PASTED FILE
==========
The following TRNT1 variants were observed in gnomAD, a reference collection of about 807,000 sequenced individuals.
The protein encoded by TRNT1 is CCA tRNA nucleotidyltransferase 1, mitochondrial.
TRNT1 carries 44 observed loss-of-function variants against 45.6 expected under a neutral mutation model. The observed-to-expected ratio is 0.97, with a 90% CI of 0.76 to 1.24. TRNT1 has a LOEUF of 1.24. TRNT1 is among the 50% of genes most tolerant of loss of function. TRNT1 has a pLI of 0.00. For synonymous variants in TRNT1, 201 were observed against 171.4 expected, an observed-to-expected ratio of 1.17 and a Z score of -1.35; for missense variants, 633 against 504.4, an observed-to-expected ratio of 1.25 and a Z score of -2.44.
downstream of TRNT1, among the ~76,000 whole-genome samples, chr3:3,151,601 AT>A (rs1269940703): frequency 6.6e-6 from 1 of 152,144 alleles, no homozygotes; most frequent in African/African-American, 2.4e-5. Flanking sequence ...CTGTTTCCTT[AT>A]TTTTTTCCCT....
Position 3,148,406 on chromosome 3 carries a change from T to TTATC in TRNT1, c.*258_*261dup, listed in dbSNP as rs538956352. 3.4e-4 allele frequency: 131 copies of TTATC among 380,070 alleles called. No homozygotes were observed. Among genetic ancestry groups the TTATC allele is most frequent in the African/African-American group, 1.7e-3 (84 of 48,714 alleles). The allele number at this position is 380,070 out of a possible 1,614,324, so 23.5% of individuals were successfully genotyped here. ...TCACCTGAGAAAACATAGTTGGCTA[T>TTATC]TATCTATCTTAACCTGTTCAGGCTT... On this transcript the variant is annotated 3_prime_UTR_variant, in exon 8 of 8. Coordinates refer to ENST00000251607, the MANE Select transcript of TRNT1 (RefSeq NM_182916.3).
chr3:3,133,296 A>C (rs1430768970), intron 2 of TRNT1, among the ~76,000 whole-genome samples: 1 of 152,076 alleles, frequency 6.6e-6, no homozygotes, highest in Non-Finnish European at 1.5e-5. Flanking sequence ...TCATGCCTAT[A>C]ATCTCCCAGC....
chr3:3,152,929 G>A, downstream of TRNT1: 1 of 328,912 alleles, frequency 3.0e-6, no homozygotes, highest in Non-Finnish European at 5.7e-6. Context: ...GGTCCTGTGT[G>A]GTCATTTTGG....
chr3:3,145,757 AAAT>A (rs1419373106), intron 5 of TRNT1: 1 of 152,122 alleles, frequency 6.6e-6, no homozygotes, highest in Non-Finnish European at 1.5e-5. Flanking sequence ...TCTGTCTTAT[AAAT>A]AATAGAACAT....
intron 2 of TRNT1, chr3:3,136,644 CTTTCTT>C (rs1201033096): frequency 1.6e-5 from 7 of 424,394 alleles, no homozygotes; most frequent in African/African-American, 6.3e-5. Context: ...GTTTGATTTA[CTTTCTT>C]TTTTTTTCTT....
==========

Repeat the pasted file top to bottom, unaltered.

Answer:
The following TRNT1 variants were observed in gnomAD, a reference collection of about 807,000 sequenced individuals.
The protein encoded by TRNT1 is CCA tRNA nucleotidyltransferase 1, mitochondrial.
TRNT1 carries 44 observed loss-of-function variants against 45.6 expected under a neutral mutation model. The observed-to-expected ratio is 0.97, with a 90% CI of 0.76 to 1.24. TRNT1 has a LOEUF of 1.24. TRNT1 is among the 50% of genes most tolerant of loss of function. TRNT1 has a pLI of 0.00. For synonymous variants in TRNT1, 201 were observed against 171.4 expected, an observed-to-expected ratio of 1.17 and a Z score of -1.35; for missense variants, 633 against 504.4, an observed-to-expected ratio of 1.25 and a Z score of -2.44.
downstream of TRNT1, among the ~76,000 whole-genome samples, chr3:3,151,601 AT>A (rs1269940703): frequency 6.6e-6 from 1 of 152,144 alleles, no homozygotes; most frequent in African/African-American, 2.4e-5. Flanking sequence ...CTGTTTCCTT[AT>A]TTTTTTCCCT....
Position 3,148,406 on chromosome 3 carries a change from T to TTATC in TRNT1, c.*258_*261dup, listed in dbSNP as rs538956352. 3.4e-4 allele frequency: 131 copies of TTATC among 380,070 alleles called. No homozygotes were observed. Among genetic ancestry groups the TTATC allele is most frequent in the African/African-American group, 1.7e-3 (84 of 48,714 alleles). The allele number at this position is 380,070 out of a possible 1,614,324, so 23.5% of individuals were successfully genotyped here. ...TCACCTGAGAAAACATAGTTGGCTA[T>TTATC]TATCTATCTTAACCTGTTCAGGCTT... On this transcript the variant is annotated 3_prime_UTR_variant, in exon 8 of 8. Coordinates refer to ENST00000251607, the MANE Select transcript of TRNT1 (RefSeq NM_182916.3).
chr3:3,133,296 A>C (rs1430768970), intron 2 of TRNT1, among the ~76,000 whole-genome samples: 1 of 152,076 alleles, frequency 6.6e-6, no homozygotes, highest in Non-Finnish European at 1.5e-5. Flanking sequence ...TCATGCCTAT[A>C]ATCTCCCAGC....
chr3:3,152,929 G>A, downstream of TRNT1: 1 of 328,912 alleles, frequency 3.0e-6, no homozygotes, highest in Non-Finnish European at 5.7e-6. Context: ...GGTCCTGTGT[G>A]GTCATTTTGG....
chr3:3,145,757 AAAT>A (rs1419373106), intron 5 of TRNT1: 1 of 152,122 alleles, frequency 6.6e-6, no homozygotes, highest in Non-Finnish European at 1.5e-5. Flanking sequence ...TCTGTCTTAT[AAAT>A]AATAGAACAT....
intron 2 of TRNT1, chr3:3,136,644 CTTTCTT>C (rs1201033096): frequency 1.6e-5 from 7 of 424,394 alleles, no homozygotes; most frequent in African/African-American, 6.3e-5. Context: ...GTTTGATTTA[CTTTCTT>C]TTTTTTTCTT....